R-protein

R-pro·tein

(prō'tēn)
A protein produced by the salivary gland that is thought to protect vitamin B12 as it travels through the digestive tract.
References in periodicals archive ?
So far 20 members of the NOD family have been reported, such as apoptotic protease-activating factor-1 (APAF-1), nucleotide-binding oligomerization domain 1 (NOD1), NOD2, and disease-resistance proteins (R-protein), most representative of which is NOD1 and NOD2 [7-9].
Abbreviations APAF-1: Apoptotic protease-activating factor-1 BBB: Blood-brain barrier BWC: Brain water content CARD: Caspase-associated recruitment domain CSF: Cerebrospinal fluid EB: Evans blue GM-di: GlcNAc-MurNAc dipeptide [GM-Tri.sub.lys]: GlcNAc-MurNAc tripeptide muropeptide IHC: Immunohistochemistry IL: Interleukin IL-1[beta]: Interleukin-1 beta IL-6: Interleukin-6 MDP: Muramyldipeptide NOD1: Nucleotide-binding oligomerization domain 1 NOD2: Nucleotide-binding oligomerization domain 2 OD: Optical density PRR: Pattern-recognition receptors qRT- Quantitative real-time polymerase chain PCR: reaction R-protein: Disease-resistance proteins TNF: Tumor necrosis factor TNF-[alpha]: Tumor necrosis factor-alpha.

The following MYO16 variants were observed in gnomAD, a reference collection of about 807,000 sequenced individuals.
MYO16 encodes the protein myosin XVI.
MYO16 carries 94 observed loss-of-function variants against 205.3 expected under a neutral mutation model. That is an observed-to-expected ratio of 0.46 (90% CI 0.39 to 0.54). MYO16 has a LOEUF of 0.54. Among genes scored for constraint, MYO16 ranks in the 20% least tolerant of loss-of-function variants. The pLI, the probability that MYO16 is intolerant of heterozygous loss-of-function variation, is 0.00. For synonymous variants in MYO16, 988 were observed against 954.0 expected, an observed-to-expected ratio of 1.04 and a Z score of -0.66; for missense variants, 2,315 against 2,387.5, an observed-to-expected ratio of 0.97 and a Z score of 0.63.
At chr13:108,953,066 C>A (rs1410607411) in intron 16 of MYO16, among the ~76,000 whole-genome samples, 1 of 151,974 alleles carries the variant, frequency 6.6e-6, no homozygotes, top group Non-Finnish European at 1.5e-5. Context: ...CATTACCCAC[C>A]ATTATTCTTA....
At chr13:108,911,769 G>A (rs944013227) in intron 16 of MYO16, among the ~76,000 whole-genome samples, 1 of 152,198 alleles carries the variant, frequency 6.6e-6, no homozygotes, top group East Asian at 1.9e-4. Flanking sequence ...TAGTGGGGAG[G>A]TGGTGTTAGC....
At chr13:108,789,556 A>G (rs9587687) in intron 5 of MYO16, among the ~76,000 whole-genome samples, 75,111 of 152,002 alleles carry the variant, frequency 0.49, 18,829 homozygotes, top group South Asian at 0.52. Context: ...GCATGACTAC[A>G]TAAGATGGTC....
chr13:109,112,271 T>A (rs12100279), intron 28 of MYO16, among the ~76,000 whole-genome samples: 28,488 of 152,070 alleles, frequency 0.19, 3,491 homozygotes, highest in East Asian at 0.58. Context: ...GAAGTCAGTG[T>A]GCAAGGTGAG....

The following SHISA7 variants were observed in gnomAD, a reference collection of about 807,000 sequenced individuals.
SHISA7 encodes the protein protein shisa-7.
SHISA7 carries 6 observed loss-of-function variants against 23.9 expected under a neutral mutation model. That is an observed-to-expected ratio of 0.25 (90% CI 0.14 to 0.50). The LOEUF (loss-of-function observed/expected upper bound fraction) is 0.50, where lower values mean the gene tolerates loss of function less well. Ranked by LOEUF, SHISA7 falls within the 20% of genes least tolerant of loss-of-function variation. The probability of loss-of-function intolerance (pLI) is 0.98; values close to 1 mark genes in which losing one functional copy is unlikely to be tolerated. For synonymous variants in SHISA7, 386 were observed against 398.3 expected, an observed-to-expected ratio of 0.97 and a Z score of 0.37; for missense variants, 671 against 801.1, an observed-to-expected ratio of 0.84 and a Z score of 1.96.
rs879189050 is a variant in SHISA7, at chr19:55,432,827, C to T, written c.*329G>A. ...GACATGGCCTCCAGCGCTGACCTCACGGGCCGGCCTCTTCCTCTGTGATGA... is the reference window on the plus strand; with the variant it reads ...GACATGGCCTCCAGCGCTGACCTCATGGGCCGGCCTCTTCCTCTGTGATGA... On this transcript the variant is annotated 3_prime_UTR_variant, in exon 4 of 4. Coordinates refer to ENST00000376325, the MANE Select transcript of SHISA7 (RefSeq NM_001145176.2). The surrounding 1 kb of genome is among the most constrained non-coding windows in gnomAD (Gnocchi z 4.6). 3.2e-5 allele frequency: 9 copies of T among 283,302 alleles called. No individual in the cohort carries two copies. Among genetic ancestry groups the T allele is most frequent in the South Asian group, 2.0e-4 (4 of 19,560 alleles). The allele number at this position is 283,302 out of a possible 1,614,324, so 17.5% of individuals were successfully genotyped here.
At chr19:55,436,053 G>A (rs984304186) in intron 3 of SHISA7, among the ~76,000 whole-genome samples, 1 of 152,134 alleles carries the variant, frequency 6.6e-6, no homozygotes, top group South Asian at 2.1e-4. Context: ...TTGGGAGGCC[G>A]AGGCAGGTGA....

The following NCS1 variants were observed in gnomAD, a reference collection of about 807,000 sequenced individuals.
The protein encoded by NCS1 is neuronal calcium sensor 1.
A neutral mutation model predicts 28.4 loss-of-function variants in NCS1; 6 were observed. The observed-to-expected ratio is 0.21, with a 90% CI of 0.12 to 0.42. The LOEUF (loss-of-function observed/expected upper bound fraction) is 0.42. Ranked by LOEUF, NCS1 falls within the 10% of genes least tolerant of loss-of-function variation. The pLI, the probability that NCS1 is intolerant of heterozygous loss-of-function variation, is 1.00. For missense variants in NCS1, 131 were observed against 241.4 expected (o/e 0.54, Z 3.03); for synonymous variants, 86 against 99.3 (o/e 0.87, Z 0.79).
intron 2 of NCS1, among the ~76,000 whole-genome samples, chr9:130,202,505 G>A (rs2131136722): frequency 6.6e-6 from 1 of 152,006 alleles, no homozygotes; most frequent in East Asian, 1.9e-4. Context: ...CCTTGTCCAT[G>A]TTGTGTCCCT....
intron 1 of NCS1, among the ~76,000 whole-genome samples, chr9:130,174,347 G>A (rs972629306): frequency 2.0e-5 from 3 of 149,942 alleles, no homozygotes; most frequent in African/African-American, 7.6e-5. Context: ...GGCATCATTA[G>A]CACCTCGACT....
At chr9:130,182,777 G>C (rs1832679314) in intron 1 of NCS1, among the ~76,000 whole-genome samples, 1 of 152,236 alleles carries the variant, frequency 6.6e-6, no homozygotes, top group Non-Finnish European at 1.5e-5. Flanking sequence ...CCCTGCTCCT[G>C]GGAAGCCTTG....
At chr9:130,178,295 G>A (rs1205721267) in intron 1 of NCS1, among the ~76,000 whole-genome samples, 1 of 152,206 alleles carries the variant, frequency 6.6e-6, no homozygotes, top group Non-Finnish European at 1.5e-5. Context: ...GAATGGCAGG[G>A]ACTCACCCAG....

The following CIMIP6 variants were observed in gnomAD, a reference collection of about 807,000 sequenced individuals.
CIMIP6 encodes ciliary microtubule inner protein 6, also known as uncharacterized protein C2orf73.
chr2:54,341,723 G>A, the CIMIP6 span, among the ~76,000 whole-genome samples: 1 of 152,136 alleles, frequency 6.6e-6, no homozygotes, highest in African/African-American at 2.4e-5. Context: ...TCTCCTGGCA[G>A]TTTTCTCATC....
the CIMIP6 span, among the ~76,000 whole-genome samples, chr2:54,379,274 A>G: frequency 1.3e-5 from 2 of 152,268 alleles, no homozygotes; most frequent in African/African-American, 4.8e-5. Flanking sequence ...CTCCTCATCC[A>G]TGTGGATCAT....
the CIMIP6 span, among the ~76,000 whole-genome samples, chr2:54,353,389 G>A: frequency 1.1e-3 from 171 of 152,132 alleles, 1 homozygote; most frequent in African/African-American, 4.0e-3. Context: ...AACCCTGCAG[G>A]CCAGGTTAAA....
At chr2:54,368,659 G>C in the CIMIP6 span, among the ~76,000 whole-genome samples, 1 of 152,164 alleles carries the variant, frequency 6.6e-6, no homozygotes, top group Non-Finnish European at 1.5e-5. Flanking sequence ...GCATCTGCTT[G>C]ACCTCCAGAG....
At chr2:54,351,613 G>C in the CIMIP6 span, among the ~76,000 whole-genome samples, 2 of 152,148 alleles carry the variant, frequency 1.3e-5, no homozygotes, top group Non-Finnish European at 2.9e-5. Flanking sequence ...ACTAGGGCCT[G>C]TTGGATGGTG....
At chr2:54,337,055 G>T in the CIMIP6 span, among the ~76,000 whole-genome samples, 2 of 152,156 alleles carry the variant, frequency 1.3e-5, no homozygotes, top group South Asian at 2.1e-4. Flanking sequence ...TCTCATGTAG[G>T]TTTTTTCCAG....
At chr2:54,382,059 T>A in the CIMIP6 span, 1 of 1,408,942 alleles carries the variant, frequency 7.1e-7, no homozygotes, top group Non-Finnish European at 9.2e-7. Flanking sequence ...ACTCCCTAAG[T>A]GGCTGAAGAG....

Although this procedure is not related to the denaturation process, it is common practice to minimize the effects of R-protein, and the IMMULITE 2000 vitamin [B.sub.12] assay incorporates cobinamide in its formulation for the same reasons.
These endogenous binding proteins include intrinsic factor (IF), transcobalamin-II (TC-II), and R-protein. IF exhibits almost no affinity for physiologically inactive forms of [B.sub.12] (including cobinamide), whereas TC-II and R-protein bind both physiologically inactive [B.sub.12] and physiologically active forms (e.g., cyanocobalamin).